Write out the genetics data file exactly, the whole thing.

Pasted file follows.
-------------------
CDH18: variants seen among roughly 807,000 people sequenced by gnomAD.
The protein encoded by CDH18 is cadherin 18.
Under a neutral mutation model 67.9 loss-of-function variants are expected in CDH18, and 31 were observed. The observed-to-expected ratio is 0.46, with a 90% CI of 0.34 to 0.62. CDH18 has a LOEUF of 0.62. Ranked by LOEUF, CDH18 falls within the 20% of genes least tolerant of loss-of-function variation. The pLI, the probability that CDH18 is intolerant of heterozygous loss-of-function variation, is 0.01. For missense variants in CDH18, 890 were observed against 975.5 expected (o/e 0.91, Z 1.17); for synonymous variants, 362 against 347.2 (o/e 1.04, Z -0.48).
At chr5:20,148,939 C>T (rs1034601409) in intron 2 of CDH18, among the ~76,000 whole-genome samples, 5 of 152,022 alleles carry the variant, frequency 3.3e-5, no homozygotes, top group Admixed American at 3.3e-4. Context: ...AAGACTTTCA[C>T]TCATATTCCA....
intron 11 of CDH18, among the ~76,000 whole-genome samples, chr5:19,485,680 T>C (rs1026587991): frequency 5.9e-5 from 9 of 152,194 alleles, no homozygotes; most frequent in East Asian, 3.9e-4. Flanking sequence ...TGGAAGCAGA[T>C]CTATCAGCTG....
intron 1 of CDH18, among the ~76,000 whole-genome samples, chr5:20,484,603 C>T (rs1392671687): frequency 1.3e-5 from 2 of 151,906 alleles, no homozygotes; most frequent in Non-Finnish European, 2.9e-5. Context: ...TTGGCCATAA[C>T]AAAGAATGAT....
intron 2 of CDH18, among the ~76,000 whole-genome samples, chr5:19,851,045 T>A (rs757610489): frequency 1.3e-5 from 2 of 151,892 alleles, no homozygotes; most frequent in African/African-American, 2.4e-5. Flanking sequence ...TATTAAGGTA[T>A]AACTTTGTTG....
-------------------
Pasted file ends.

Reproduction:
CDH18: variants seen among roughly 807,000 people sequenced by gnomAD.
The protein encoded by CDH18 is cadherin 18.
Under a neutral mutation model 67.9 loss-of-function variants are expected in CDH18, and 31 were observed. The observed-to-expected ratio is 0.46, with a 90% CI of 0.34 to 0.62. CDH18 has a LOEUF of 0.62. Ranked by LOEUF, CDH18 falls within the 20% of genes least tolerant of loss-of-function variation. The pLI, the probability that CDH18 is intolerant of heterozygous loss-of-function variation, is 0.01. For missense variants in CDH18, 890 were observed against 975.5 expected (o/e 0.91, Z 1.17); for synonymous variants, 362 against 347.2 (o/e 1.04, Z -0.48).
At chr5:20,148,939 C>T (rs1034601409) in intron 2 of CDH18, among the ~76,000 whole-genome samples, 5 of 152,022 alleles carry the variant, frequency 3.3e-5, no homozygotes, top group Admixed American at 3.3e-4. Context: ...AAGACTTTCA[C>T]TCATATTCCA....
intron 11 of CDH18, among the ~76,000 whole-genome samples, chr5:19,485,680 T>C (rs1026587991): frequency 5.9e-5 from 9 of 152,194 alleles, no homozygotes; most frequent in East Asian, 3.9e-4. Flanking sequence ...TGGAAGCAGA[T>C]CTATCAGCTG....
intron 1 of CDH18, among the ~76,000 whole-genome samples, chr5:20,484,603 C>T (rs1392671687): frequency 1.3e-5 from 2 of 151,906 alleles, no homozygotes; most frequent in Non-Finnish European, 2.9e-5. Context: ...TTGGCCATAA[C>T]AAAGAATGAT....
intron 2 of CDH18, among the ~76,000 whole-genome samples, chr5:19,851,045 T>A (rs757610489): frequency 1.3e-5 from 2 of 151,892 alleles, no homozygotes; most frequent in African/African-American, 2.4e-5. Flanking sequence ...TATTAAGGTA[T>A]AACTTTGTTG....